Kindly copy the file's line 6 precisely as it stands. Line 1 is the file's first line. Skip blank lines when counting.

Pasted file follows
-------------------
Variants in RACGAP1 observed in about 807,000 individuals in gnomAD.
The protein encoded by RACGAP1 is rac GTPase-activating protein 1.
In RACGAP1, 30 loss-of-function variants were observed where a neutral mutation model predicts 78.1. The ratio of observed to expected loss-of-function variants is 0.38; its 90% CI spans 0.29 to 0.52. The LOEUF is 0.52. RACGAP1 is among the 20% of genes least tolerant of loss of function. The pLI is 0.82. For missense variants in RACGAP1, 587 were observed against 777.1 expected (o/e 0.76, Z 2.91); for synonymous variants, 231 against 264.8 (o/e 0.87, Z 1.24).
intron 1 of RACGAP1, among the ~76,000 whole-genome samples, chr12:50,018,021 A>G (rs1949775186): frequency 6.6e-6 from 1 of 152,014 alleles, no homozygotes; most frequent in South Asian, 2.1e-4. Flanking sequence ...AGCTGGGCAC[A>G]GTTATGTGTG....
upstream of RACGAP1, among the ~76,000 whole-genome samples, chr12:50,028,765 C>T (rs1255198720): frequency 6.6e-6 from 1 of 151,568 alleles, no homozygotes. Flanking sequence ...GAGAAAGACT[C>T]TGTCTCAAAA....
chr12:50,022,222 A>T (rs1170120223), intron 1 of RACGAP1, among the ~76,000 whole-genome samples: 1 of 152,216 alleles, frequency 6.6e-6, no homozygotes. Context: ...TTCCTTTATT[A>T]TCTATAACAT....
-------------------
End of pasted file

chr12:50,022,222 A>T (rs1170120223), intron 1 of RACGAP1, among the ~76,000 whole-genome samples: 1 of 152,216 alleles, frequency 6.6e-6, no homozygotes. Context: ...TTCCTTTATT[A>T]TCTATAACAT....